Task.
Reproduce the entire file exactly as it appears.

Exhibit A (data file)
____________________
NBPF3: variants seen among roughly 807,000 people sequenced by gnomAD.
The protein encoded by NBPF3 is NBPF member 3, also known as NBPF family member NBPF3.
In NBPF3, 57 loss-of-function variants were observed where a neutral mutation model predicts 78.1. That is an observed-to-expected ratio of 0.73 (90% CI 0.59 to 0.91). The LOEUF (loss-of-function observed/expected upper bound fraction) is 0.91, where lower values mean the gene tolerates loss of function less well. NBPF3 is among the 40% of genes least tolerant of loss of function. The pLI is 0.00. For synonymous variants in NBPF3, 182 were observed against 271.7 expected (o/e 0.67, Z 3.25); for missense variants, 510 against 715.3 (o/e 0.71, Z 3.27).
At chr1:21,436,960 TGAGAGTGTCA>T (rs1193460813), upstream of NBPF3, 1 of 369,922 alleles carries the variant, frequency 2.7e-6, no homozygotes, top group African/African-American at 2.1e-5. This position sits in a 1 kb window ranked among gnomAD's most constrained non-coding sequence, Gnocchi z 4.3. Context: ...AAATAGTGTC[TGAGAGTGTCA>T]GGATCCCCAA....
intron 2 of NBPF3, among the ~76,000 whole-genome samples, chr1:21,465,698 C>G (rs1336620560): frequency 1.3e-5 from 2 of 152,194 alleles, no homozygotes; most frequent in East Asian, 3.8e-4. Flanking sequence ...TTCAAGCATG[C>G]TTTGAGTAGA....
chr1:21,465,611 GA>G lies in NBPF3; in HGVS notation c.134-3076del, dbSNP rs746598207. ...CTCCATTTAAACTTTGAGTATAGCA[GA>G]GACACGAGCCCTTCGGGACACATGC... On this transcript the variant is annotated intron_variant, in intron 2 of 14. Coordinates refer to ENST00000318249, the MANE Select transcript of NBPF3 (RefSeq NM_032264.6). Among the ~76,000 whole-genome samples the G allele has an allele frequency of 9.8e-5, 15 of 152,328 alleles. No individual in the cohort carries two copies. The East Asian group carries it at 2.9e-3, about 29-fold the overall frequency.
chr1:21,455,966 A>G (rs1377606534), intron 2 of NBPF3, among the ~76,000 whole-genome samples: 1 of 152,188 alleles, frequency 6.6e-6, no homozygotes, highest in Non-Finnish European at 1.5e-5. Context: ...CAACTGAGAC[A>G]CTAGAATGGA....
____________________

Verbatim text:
NBPF3: variants seen among roughly 807,000 people sequenced by gnomAD.
The protein encoded by NBPF3 is NBPF member 3, also known as NBPF family member NBPF3.
In NBPF3, 57 loss-of-function variants were observed where a neutral mutation model predicts 78.1. That is an observed-to-expected ratio of 0.73 (90% CI 0.59 to 0.91). The LOEUF (loss-of-function observed/expected upper bound fraction) is 0.91, where lower values mean the gene tolerates loss of function less well. NBPF3 is among the 40% of genes least tolerant of loss of function. The pLI is 0.00. For synonymous variants in NBPF3, 182 were observed against 271.7 expected (o/e 0.67, Z 3.25); for missense variants, 510 against 715.3 (o/e 0.71, Z 3.27).
At chr1:21,436,960 TGAGAGTGTCA>T (rs1193460813), upstream of NBPF3, 1 of 369,922 alleles carries the variant, frequency 2.7e-6, no homozygotes, top group African/African-American at 2.1e-5. This position sits in a 1 kb window ranked among gnomAD's most constrained non-coding sequence, Gnocchi z 4.3. Context: ...AAATAGTGTC[TGAGAGTGTCA>T]GGATCCCCAA....
intron 2 of NBPF3, among the ~76,000 whole-genome samples, chr1:21,465,698 C>G (rs1336620560): frequency 1.3e-5 from 2 of 152,194 alleles, no homozygotes; most frequent in East Asian, 3.8e-4. Flanking sequence ...TTCAAGCATG[C>G]TTTGAGTAGA....
chr1:21,465,611 GA>G lies in NBPF3; in HGVS notation c.134-3076del, dbSNP rs746598207. ...CTCCATTTAAACTTTGAGTATAGCA[GA>G]GACACGAGCCCTTCGGGACACATGC... On this transcript the variant is annotated intron_variant, in intron 2 of 14. Coordinates refer to ENST00000318249, the MANE Select transcript of NBPF3 (RefSeq NM_032264.6). Among the ~76,000 whole-genome samples the G allele has an allele frequency of 9.8e-5, 15 of 152,328 alleles. No individual in the cohort carries two copies. The East Asian group carries it at 2.9e-3, about 29-fold the overall frequency.
chr1:21,455,966 A>G (rs1377606534), intron 2 of NBPF3, among the ~76,000 whole-genome samples: 1 of 152,188 alleles, frequency 6.6e-6, no homozygotes, highest in Non-Finnish European at 1.5e-5. Context: ...CAACTGAGAC[A>G]CTAGAATGGA....